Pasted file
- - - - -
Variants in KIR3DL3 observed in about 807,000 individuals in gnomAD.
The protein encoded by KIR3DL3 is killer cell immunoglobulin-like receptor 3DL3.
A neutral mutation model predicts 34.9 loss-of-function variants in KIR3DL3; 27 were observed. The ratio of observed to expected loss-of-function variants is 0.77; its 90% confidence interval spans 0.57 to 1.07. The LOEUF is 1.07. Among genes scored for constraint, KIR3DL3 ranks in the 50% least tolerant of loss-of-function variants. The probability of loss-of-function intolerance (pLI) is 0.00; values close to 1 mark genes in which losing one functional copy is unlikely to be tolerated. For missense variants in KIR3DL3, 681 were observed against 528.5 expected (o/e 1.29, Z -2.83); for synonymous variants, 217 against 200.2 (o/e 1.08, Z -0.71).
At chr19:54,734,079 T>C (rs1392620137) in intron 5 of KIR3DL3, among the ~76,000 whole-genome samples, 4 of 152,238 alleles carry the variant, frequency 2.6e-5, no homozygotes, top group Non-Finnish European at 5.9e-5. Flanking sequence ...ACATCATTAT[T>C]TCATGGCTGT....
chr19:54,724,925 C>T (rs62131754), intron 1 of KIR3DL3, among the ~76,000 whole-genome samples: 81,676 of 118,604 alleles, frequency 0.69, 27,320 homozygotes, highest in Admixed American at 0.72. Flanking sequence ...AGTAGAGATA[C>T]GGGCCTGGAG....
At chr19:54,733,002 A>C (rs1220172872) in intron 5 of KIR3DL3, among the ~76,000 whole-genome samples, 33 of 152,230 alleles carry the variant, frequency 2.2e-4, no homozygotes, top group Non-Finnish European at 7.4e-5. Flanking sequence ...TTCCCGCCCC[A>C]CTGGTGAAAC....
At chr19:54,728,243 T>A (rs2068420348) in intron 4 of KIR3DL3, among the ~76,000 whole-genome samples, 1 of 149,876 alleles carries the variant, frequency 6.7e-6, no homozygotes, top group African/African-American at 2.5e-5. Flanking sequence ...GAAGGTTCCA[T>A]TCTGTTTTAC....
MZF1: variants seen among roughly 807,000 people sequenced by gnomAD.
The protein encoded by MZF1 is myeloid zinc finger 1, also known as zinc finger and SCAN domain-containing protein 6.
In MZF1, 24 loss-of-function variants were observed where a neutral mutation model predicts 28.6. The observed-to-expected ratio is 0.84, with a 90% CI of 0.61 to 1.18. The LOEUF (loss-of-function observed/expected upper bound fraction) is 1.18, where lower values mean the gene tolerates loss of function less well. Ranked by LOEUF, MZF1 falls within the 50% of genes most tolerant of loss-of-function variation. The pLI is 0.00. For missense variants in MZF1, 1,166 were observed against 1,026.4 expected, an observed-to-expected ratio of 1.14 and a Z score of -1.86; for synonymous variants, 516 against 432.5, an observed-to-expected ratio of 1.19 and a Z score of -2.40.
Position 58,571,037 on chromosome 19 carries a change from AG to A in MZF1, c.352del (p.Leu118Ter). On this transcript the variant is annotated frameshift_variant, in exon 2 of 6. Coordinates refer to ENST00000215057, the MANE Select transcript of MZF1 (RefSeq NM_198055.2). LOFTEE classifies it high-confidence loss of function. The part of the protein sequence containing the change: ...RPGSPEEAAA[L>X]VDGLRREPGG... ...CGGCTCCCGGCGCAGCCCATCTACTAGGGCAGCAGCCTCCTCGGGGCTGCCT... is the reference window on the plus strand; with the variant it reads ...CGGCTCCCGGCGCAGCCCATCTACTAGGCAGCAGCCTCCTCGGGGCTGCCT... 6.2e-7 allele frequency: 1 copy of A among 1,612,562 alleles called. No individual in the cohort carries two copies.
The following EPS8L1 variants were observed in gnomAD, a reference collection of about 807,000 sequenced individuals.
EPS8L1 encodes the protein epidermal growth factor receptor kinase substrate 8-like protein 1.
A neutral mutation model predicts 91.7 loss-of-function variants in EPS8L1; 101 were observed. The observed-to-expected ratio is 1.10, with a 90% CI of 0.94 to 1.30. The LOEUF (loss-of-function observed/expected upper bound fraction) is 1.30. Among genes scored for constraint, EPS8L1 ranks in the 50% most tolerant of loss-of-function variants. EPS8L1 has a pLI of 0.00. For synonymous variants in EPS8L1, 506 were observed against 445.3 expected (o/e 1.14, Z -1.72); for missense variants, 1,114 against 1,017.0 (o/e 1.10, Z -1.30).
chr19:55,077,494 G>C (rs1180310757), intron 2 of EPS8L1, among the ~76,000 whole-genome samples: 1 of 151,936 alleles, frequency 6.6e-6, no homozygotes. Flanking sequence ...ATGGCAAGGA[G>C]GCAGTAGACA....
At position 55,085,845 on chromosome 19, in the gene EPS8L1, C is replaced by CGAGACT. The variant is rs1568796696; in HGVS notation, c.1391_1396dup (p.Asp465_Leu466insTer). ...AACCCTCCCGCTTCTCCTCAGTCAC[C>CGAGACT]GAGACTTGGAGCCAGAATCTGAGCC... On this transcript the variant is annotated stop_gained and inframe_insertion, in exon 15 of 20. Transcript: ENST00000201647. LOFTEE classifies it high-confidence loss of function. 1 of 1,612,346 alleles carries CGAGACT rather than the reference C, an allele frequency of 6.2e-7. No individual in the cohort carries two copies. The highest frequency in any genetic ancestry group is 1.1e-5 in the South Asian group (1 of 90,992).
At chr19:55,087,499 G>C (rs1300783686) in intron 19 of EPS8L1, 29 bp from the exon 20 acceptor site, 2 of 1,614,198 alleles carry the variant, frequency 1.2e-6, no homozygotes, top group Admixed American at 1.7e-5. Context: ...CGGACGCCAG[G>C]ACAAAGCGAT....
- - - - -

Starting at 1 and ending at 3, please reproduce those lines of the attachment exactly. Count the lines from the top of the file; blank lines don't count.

Variants in KIR3DL3 observed in about 807,000 individuals in gnomAD.
The protein encoded by KIR3DL3 is killer cell immunoglobulin-like receptor 3DL3.
A neutral mutation model predicts 34.9 loss-of-function variants in KIR3DL3; 27 were observed. The ratio of observed to expected loss-of-function variants is 0.77; its 90% confidence interval spans 0.57 to 1.07. The LOEUF is 1.07. Among genes scored for constraint, KIR3DL3 ranks in the 50% least tolerant of loss-of-function variants. The probability of loss-of-function intolerance (pLI) is 0.00; values close to 1 mark genes in which losing one functional copy is unlikely to be tolerated. For missense variants in KIR3DL3, 681 were observed against 528.5 expected (o/e 1.29, Z -2.83); for synonymous variants, 217 against 200.2 (o/e 1.08, Z -0.71).